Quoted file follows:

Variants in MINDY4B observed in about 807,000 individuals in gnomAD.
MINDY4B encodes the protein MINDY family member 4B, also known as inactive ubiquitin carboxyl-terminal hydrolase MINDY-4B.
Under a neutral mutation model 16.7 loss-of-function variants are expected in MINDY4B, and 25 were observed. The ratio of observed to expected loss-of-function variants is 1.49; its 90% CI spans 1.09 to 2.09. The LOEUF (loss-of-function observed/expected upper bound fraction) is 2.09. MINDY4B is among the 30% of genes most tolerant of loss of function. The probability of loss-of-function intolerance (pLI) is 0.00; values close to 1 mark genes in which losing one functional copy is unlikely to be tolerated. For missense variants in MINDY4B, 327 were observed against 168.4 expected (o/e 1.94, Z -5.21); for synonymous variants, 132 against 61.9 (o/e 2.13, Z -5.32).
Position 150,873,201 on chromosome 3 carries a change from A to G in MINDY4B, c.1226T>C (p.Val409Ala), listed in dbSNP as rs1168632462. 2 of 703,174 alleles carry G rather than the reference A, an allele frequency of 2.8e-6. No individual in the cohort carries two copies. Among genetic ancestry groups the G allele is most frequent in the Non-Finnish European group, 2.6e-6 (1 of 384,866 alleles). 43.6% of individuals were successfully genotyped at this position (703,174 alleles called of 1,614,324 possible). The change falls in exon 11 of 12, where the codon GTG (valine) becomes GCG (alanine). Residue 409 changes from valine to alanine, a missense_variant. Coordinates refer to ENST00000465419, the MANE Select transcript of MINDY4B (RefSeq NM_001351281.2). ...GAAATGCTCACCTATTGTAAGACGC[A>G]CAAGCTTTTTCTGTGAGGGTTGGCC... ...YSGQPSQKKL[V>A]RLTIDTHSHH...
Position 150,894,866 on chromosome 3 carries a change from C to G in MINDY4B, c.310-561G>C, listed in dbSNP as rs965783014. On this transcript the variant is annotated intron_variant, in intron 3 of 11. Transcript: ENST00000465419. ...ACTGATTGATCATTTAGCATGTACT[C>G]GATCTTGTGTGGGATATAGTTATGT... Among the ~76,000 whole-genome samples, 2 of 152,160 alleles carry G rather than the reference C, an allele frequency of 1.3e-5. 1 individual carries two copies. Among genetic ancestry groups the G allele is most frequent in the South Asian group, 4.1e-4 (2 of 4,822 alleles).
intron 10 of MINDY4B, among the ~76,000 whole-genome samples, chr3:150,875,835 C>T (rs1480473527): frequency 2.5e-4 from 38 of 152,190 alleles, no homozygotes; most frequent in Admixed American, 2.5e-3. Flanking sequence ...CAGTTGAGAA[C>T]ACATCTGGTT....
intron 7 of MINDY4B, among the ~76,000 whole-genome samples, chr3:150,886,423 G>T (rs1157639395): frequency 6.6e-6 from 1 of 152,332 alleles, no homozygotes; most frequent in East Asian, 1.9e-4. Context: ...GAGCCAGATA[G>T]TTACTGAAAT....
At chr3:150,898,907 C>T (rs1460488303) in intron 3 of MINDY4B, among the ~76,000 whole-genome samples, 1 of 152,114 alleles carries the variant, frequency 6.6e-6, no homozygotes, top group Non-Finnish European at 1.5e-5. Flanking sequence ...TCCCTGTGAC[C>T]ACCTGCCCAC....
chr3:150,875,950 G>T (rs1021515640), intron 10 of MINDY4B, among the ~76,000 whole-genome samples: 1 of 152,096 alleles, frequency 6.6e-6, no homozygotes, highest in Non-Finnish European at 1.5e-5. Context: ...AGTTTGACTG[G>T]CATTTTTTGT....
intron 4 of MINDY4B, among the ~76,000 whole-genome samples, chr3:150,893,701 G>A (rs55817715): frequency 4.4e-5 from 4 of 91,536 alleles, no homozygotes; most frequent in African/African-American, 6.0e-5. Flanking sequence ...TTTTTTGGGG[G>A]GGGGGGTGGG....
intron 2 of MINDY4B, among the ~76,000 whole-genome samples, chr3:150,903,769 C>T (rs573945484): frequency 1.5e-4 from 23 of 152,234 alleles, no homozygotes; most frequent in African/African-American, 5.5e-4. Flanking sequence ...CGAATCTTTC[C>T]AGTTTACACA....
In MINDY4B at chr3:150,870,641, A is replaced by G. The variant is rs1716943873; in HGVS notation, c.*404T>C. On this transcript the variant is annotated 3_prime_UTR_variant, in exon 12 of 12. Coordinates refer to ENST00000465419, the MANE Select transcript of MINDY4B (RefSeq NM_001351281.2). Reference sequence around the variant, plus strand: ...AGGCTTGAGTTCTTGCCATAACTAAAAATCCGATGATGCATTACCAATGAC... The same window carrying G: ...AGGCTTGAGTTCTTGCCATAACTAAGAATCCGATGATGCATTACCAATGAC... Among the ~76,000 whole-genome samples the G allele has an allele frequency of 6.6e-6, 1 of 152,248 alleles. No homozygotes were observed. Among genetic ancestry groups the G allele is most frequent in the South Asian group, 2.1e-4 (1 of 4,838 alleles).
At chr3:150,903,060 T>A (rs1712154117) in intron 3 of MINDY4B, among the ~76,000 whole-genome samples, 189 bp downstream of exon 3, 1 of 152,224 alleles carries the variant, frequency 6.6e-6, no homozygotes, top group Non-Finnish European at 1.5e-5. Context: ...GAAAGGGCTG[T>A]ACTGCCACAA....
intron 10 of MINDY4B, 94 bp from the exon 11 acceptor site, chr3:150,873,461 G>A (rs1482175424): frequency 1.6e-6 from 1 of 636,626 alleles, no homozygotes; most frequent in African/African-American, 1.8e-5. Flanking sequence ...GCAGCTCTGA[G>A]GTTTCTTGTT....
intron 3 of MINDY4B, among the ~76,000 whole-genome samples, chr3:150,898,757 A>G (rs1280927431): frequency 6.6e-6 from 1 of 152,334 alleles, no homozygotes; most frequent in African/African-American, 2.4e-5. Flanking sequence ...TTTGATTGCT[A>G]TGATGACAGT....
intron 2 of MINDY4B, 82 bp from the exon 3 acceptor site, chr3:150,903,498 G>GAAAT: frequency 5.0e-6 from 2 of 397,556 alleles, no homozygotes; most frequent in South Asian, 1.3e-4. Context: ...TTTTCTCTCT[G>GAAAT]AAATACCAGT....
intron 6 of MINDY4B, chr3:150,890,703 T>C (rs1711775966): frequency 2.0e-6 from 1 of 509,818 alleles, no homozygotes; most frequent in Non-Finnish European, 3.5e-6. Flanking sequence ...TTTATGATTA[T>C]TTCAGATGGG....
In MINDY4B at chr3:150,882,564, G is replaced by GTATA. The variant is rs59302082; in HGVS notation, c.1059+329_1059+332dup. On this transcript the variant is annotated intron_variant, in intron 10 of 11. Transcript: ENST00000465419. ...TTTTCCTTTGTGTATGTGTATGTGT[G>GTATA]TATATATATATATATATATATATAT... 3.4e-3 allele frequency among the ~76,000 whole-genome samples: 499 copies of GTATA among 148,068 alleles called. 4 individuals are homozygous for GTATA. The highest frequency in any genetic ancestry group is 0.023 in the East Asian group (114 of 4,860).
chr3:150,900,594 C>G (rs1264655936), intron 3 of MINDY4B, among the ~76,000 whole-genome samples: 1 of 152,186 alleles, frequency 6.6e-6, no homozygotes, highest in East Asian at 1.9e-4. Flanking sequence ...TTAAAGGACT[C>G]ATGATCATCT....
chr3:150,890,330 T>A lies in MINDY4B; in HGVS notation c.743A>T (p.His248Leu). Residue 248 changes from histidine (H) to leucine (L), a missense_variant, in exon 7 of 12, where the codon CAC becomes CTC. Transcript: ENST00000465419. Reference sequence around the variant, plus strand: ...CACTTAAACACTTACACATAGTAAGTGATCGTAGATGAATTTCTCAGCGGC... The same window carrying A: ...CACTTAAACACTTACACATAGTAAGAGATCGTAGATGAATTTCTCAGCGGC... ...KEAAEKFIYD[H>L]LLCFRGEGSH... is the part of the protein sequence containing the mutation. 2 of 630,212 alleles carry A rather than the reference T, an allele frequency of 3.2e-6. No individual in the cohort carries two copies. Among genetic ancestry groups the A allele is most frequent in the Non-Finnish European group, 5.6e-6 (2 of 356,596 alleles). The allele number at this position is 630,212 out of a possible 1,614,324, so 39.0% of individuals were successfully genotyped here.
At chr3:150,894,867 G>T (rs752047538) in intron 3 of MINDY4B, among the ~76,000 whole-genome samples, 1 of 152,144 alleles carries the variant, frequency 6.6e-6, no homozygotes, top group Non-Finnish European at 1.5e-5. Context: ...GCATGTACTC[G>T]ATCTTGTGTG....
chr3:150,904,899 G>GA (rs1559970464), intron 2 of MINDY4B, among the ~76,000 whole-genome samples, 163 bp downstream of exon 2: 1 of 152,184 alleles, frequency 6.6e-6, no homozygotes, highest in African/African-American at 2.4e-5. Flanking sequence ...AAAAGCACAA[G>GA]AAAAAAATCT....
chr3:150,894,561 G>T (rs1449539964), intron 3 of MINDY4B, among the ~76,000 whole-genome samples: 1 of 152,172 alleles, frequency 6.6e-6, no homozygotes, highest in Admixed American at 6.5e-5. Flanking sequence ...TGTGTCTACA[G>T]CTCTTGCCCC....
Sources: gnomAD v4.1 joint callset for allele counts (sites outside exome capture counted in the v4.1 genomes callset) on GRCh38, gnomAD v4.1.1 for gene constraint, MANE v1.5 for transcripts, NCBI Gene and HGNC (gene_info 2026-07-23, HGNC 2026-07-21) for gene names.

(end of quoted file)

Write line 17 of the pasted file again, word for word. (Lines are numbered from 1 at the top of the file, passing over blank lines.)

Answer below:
intron 6 of MINDY4B, chr3:150,890,703 T>C (rs1711775966): frequency 2.0e-6 from 1 of 509,818 alleles, no homozygotes; most frequent in Non-Finnish European, 3.5e-6. Flanking sequence ...TTTATGATTA[T>C]TTCAGATGGG....